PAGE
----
QUESTION: I was divorced after 11
years of marriage. In those 11 years, I had three beautiful children.
Then, the mother left with the kids. After 1 1/2 years., I was remarried.
My new wife had no children, but all of her life she wanted at least
one child. She was divorced out of an abusive situation. We talked
about it before we were remarried. She and I really wanted a child.
I wanted another because I love children and I love her. We are both
so excited and very happy about the news.
Anyway, now that we are expecting after 2 years
of remarriage, I'm not sure really how to tell my 11 year old daughter,
my 10 year old daughter and my 6 year old son. Right now, my oldest
daughter hardly comes to visit me because she resents the new stepmom.
My middle girl and my son come faithfully every other weekend. I also
am a faithful child supporter and have never missed one payment.
After the remarriage, the oldest daughter somewhat
resents her new stepmom. So, I'm not really sure how she is going
to react to the news that her stepmom is now expecting in January.
Do you have any suggestions concerning my dilemma.
ANSWER: Congratulations! It sounds like
you have taken some time between marriages and some time before adding
a new member to your stepfamily. This bodes well, as your younger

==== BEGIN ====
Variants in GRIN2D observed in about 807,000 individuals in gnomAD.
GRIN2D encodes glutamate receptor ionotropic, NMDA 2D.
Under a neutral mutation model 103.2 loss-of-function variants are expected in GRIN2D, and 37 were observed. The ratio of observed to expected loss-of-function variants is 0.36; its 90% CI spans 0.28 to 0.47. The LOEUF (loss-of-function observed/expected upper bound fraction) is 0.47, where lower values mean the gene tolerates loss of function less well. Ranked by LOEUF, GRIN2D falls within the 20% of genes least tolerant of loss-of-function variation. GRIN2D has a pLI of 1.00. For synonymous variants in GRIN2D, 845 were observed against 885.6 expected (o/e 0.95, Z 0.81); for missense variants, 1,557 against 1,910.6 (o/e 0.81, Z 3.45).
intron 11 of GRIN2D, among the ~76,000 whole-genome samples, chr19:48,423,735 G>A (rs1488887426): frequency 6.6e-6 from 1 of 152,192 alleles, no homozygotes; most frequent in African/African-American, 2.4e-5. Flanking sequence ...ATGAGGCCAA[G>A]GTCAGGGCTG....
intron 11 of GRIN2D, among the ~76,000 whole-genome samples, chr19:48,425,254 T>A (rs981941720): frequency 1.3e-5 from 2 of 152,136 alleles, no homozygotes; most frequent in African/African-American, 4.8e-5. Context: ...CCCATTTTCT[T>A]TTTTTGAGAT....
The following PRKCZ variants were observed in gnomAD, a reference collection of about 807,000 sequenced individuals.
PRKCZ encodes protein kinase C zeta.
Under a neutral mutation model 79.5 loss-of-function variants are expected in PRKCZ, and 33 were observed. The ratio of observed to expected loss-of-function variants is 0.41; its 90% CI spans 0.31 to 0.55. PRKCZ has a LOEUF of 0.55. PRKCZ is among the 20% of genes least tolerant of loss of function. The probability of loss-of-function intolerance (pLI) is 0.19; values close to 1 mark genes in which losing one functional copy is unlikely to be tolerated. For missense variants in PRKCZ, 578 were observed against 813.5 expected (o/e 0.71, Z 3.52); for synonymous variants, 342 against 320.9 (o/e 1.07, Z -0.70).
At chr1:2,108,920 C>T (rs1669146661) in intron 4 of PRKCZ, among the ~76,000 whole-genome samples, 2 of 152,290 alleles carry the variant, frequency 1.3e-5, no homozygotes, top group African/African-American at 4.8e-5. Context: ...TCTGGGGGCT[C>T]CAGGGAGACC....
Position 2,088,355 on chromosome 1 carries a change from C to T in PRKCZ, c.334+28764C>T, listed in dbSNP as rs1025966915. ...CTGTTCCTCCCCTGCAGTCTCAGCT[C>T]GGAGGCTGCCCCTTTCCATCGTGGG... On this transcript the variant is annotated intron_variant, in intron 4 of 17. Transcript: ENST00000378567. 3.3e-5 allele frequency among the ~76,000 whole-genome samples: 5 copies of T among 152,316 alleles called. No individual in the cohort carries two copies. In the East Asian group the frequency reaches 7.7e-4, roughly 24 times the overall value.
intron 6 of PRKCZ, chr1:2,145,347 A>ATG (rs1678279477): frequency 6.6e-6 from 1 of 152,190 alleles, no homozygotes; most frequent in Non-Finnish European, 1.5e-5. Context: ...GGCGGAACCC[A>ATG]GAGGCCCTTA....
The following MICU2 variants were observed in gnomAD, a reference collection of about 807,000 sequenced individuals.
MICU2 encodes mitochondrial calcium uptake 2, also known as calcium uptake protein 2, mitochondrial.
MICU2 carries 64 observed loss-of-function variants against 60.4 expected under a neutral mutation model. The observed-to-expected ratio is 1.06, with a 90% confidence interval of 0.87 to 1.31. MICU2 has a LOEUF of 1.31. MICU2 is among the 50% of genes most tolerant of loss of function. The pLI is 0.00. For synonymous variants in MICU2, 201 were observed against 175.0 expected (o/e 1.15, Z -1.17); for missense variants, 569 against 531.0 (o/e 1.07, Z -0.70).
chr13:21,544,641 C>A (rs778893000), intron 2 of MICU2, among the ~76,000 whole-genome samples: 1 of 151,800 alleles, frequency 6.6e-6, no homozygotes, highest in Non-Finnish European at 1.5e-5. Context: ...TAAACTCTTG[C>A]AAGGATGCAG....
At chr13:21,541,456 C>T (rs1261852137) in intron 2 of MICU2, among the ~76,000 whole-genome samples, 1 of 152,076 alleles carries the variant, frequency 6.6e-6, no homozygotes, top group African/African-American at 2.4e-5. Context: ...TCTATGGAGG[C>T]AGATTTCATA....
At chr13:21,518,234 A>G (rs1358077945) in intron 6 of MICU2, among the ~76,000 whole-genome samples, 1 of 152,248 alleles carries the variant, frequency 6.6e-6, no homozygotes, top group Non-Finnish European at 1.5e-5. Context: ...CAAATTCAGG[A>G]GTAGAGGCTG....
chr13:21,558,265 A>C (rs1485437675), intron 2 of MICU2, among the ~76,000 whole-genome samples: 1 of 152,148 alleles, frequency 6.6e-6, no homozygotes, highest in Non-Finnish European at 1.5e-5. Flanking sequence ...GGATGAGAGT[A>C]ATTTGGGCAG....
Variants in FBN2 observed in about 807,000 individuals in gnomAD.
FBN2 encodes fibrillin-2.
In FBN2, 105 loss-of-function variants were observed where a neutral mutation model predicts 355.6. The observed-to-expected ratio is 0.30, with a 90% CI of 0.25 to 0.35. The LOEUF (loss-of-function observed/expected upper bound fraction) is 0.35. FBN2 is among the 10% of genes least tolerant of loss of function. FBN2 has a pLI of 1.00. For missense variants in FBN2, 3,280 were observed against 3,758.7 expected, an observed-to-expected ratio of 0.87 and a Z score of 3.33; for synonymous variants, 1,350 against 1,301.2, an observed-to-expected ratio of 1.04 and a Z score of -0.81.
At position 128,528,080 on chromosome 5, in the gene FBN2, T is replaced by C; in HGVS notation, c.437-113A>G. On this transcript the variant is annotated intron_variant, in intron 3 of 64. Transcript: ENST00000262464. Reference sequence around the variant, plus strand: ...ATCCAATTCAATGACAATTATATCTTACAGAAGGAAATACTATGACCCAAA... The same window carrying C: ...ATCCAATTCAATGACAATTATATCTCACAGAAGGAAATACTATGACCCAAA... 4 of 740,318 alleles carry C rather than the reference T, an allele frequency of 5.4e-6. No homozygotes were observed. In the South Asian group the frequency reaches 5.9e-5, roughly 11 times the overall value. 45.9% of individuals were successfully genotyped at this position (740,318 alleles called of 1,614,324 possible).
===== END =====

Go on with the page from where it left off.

two children have been able to adjust to your new relationship and
visit you regularly.
Your eldest daughter is having greater difficulty
adjusting to the changes of divorce and your remarriage. Your sensitivity
to her feelings about the new baby on the way shows that you are thinking
of her needs. She is fortunate to have a thoughtful and responsible
Dad who cares about her. Now to get this love across to her!
There are many reasons why she may be expressing resentment
at this time. And she may also be expressing resentment for others
in the family (siblings or mother) if there has not been adequate
room to express negative feelings in the past, either about the divorce
or the remarriage.
Being the eldest and being one year apart from the
next sibling may also have special ramifications. The eldest child
in the family may experience more of the conflict in divorce, or be
caught in the middle of the original marriage conflict, particularly
if she is identifying with her mother.
Or she may be calling out for some special time and
attention from you in resolving her feelings at this time. Perhaps
she was very bonded to you and feels as though she were being replaced
in some way by your new wife. Getting to the bottom of the meaning
of her rejection is important. Be clear with her that you do not expect
her to "love" your new wife, or to replace her mother in any way.
Arrange for separate time with this eldest daughter, if she is not
able to accept sharing you at this time. Taking walks, going to the
movies or out to dinner to reestablish a connection with her could
help. Even talking on the phone, e-mail or letters asking about her
interests could be a start at reestablishing your bond.
In short, let her know that no matter how rejecting
she may be towards you, that you love her and are still there for
her. You are her father and nothing will change that! Give her time
to adjust and relate to you individually before bringing up the new